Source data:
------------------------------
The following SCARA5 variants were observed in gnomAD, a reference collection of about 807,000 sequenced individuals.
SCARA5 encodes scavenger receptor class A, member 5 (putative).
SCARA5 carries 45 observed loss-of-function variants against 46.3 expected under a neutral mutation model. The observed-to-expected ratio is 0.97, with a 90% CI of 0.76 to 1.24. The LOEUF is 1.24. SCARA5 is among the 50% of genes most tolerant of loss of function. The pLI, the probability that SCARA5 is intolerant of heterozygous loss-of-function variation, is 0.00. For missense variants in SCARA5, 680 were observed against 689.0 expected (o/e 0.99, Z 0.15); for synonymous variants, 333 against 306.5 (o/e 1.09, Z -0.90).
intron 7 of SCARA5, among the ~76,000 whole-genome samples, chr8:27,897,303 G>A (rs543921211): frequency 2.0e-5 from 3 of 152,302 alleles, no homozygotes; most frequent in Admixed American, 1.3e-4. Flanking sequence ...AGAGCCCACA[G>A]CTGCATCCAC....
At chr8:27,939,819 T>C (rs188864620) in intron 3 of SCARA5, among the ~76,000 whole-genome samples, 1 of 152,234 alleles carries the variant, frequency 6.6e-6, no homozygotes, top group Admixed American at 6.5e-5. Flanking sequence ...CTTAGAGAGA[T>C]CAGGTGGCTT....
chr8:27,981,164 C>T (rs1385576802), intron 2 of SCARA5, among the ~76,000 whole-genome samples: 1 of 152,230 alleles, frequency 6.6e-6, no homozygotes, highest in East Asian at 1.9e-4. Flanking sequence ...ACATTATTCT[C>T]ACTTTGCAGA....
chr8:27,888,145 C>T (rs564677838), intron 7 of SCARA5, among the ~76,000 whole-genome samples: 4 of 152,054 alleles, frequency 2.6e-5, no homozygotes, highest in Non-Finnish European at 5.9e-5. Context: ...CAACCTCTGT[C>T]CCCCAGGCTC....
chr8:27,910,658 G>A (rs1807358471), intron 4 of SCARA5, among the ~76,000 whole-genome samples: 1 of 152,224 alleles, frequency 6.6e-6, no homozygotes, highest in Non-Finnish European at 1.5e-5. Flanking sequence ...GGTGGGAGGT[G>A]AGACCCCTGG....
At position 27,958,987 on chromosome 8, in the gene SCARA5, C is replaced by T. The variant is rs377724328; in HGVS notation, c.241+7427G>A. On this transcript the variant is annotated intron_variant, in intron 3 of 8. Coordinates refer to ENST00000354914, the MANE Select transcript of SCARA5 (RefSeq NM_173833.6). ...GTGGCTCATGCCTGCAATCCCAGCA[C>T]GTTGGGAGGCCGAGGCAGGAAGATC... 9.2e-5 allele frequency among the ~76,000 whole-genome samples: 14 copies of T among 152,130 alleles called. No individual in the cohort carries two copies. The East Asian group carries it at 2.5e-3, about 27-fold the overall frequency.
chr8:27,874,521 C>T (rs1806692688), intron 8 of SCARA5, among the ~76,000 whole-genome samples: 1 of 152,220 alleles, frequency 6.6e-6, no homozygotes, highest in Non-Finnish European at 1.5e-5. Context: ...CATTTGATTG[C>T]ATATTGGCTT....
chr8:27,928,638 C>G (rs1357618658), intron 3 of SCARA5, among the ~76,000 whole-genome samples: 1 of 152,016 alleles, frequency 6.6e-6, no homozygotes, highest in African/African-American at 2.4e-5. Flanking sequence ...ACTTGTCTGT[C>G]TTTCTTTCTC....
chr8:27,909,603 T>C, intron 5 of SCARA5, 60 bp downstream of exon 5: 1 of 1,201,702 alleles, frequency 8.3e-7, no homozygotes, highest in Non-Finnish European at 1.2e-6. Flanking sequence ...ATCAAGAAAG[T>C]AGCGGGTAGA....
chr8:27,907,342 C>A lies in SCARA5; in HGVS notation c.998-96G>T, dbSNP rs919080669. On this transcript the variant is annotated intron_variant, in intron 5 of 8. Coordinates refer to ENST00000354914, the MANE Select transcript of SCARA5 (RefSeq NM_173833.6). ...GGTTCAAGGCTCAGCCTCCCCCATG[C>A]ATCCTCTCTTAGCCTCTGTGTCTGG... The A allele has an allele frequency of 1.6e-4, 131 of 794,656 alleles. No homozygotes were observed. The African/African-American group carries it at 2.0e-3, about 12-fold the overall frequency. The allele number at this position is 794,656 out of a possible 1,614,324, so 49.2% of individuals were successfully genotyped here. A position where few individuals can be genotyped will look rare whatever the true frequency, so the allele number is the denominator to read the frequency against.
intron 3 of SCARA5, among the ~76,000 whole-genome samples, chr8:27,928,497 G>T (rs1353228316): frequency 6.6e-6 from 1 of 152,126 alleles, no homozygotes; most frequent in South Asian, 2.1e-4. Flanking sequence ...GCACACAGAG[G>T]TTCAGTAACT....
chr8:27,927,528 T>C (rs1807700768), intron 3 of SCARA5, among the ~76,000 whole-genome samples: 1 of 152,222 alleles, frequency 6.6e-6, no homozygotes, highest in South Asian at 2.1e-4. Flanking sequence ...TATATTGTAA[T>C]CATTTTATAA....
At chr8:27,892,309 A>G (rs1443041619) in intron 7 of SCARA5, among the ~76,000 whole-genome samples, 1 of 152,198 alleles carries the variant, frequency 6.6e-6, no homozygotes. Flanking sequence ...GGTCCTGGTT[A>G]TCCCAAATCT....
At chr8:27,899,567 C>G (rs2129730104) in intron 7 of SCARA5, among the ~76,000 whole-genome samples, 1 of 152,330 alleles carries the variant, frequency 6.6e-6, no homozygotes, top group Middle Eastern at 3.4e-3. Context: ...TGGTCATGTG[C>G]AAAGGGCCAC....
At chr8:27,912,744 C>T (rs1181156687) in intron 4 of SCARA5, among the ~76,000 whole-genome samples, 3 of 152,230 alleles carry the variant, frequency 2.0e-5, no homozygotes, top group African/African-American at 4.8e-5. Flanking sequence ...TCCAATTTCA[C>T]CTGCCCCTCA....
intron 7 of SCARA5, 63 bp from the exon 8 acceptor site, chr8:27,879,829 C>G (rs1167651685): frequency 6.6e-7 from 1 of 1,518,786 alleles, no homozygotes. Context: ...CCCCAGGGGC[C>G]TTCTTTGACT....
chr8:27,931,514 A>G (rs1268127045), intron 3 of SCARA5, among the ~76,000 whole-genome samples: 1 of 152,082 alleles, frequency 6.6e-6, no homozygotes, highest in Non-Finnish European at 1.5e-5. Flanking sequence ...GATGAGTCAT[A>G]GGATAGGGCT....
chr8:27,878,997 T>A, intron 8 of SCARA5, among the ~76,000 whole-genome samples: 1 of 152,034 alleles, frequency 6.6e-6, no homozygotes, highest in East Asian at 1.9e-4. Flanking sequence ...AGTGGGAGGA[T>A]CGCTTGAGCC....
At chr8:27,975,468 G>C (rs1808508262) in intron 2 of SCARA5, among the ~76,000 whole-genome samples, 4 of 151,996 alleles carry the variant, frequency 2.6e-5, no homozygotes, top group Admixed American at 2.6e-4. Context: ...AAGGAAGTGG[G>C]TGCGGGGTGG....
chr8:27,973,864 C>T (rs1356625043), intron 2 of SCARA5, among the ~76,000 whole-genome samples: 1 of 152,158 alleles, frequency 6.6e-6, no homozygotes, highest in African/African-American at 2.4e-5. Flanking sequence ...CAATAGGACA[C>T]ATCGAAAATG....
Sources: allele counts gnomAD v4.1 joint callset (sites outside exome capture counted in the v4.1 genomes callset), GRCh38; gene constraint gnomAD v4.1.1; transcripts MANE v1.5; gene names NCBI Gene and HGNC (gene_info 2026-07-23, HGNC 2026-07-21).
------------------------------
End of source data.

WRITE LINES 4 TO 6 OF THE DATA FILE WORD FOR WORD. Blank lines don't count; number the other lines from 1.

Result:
intron 7 of SCARA5, among the ~76,000 whole-genome samples, chr8:27,897,303 G>A (rs543921211): frequency 2.0e-5 from 3 of 152,302 alleles, no homozygotes; most frequent in Admixed American, 1.3e-4. Flanking sequence ...AGAGCCCACA[G>A]CTGCATCCAC....
At chr8:27,939,819 T>C (rs188864620) in intron 3 of SCARA5, among the ~76,000 whole-genome samples, 1 of 152,234 alleles carries the variant, frequency 6.6e-6, no homozygotes, top group Admixed American at 6.5e-5. Flanking sequence ...CTTAGAGAGA[T>C]CAGGTGGCTT....
chr8:27,981,164 C>T (rs1385576802), intron 2 of SCARA5, among the ~76,000 whole-genome samples: 1 of 152,230 alleles, frequency 6.6e-6, no homozygotes, highest in East Asian at 1.9e-4. Flanking sequence ...ACATTATTCT[C>T]ACTTTGCAGA....